Baby steps, chmilz, baby steps.


RE: I am not an Apple fan
By inighthawki on 3/21/2012 12:23:51 PM , Rating: 2
I have to agree. I'm actually quite impressed with Apple's behavior on this one.


RE: I am not an Apple fan
By retrospooty on 3/21/2012 1:34:18 PM , Rating: 4
Yup, hopefully Cook can start changing things from within. Jobs, for all his business acumen, was defintily sporting a major Napolean complex. Ego issues as bad as I have ever seen.


RE: I am not an Apple fan
By kleinma on 3/21/2012 1:48:07 PM , Rating: 2
If Apple had shipped the guy an unlocked 4s for his troubles, they maybe I would be impressed. This guy basically did something that Apple is probably paying someone a lot of money to do. Keep tabs on the carriers and make sure they are inline with the policies that Apple has. Clearly whoever has that position in Canada where this guy lives isn't doing a good job, when it requires the average consumer to email the CEO of the richest tech company in order to do something he should be allowed to do.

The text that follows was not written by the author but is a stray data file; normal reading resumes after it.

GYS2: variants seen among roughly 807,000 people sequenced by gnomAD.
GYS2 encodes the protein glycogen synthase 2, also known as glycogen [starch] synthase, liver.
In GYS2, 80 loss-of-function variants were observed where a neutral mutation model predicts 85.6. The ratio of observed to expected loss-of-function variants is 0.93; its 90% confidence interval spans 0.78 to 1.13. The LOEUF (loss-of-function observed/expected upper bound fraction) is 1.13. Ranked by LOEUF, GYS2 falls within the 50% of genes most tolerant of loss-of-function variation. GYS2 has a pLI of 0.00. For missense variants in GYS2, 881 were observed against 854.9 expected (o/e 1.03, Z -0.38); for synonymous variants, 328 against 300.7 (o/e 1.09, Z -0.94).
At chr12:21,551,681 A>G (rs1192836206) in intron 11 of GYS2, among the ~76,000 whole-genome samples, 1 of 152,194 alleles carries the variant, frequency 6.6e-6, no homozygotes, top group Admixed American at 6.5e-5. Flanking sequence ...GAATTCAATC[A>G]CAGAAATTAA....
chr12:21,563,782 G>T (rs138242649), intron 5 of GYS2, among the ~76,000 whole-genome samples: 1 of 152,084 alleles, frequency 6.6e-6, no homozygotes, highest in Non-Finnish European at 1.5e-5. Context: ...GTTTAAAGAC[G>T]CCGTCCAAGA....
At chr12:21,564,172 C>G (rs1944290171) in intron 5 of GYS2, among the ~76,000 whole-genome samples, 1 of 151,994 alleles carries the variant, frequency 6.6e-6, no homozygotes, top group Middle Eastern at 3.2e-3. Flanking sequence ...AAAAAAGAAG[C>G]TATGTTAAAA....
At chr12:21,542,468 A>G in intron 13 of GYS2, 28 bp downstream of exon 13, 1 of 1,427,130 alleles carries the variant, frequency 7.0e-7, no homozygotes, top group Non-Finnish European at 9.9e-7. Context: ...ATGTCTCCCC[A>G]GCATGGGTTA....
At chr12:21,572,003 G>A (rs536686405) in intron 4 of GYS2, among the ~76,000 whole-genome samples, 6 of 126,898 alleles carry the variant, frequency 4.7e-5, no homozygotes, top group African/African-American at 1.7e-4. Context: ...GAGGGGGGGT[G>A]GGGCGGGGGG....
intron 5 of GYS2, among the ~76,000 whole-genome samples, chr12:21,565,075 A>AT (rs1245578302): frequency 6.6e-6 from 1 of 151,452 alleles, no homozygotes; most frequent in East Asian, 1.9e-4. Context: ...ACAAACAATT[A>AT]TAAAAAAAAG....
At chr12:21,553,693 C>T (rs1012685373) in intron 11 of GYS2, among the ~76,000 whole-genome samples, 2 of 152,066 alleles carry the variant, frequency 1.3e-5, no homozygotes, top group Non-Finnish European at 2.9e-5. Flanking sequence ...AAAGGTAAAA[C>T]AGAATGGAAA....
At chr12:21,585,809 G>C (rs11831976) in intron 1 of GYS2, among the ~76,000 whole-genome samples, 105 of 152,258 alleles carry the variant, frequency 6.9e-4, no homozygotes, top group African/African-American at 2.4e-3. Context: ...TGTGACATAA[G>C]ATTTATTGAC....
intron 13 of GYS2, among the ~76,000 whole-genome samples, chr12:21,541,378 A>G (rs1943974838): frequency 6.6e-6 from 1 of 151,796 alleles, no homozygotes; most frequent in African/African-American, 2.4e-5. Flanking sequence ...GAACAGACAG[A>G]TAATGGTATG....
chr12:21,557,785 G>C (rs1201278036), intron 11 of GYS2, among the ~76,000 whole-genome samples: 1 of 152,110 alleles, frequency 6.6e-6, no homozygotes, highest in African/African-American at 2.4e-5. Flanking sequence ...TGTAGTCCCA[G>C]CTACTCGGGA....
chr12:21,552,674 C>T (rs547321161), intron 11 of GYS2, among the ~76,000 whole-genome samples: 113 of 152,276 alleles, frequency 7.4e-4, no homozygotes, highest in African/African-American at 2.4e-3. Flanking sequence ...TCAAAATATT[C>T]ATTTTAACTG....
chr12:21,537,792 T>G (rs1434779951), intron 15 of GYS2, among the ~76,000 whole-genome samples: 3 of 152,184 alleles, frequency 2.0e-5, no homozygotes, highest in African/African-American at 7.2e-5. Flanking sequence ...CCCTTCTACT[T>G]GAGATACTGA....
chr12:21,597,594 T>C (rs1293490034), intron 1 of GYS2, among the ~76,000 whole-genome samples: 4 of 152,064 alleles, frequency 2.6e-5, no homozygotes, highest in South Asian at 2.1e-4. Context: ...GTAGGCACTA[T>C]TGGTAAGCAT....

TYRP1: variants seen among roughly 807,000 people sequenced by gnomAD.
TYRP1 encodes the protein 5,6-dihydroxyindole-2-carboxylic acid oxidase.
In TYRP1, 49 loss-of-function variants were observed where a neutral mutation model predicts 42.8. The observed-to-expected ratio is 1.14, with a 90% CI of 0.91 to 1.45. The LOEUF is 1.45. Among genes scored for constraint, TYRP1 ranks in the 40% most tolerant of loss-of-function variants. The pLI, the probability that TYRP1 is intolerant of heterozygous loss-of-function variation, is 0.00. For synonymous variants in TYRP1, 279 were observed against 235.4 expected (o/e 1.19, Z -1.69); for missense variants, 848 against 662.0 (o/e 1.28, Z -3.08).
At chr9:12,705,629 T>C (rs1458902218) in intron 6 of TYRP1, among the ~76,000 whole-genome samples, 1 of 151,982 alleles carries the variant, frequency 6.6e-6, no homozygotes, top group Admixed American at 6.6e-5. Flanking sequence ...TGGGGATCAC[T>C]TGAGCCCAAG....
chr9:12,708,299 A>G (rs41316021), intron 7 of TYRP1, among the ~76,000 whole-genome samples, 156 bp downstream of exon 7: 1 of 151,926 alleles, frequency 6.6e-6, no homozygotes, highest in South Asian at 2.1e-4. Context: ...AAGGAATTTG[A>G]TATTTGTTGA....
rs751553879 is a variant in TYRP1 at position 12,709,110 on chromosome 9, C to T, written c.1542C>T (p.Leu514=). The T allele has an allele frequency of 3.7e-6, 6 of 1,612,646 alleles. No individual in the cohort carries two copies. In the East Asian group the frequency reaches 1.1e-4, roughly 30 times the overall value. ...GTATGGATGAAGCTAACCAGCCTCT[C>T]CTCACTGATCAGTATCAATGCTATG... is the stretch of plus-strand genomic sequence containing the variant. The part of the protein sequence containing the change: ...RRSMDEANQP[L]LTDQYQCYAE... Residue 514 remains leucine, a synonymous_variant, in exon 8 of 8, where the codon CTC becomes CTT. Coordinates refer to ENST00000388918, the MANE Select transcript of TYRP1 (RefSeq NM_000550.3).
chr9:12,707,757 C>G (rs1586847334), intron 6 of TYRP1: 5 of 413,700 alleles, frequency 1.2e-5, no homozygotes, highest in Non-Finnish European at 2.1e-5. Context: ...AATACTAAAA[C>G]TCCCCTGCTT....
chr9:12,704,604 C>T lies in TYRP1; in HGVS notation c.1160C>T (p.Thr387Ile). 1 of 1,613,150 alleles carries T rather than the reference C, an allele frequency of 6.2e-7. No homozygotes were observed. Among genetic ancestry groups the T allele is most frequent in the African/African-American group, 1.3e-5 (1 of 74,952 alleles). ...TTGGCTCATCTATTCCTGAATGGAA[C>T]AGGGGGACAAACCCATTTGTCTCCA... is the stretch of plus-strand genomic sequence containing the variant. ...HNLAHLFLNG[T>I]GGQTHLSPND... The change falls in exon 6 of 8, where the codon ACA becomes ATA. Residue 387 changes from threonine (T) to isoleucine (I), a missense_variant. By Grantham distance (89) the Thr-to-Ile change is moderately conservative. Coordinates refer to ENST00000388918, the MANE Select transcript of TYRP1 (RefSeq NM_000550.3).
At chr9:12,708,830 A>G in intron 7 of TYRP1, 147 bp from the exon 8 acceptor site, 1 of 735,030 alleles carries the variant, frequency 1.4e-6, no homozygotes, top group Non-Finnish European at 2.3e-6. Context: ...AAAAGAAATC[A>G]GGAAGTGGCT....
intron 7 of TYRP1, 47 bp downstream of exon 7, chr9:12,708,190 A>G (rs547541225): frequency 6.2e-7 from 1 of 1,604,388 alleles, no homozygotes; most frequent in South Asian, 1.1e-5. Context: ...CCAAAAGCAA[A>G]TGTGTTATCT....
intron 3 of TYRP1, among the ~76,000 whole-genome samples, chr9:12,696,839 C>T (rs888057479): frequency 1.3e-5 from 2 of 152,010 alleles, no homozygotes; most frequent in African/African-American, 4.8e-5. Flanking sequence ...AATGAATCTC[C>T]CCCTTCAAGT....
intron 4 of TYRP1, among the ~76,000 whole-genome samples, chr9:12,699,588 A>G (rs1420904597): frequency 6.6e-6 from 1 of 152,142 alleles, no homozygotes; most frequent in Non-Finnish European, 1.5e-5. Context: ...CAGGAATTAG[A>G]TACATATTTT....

RE: I am not an Apple fan
By protomech on 3/21/2012 12:40:14 PM , Rating: 3
Similar reports of direct intervention by the Steve were not uncommon.

I agree that this should have be handled about a billion places further down on the chain of command. But in this respect, at least, Mr. Cook is carrying on Steve Jobs' legacy.


RE: I am not an Apple fan
By Tony Swash on 3/22/2012 7:58:33 AM , Rating: 1
Some people wonder why Apple scores so high on customer service polls. Here is an example why.

I installed the 10.7 Lion MacOSX update on day one of it's release. Everything went perfectly except for one problem. When I accessed the new Mission Control preference pane in System Preferences and then accessed it's second panel (to set hot corners for invoking Mission Control) System Preferences crashed. The rest of my system was unaffected but I could replicate this crash every time by accessing that second pane.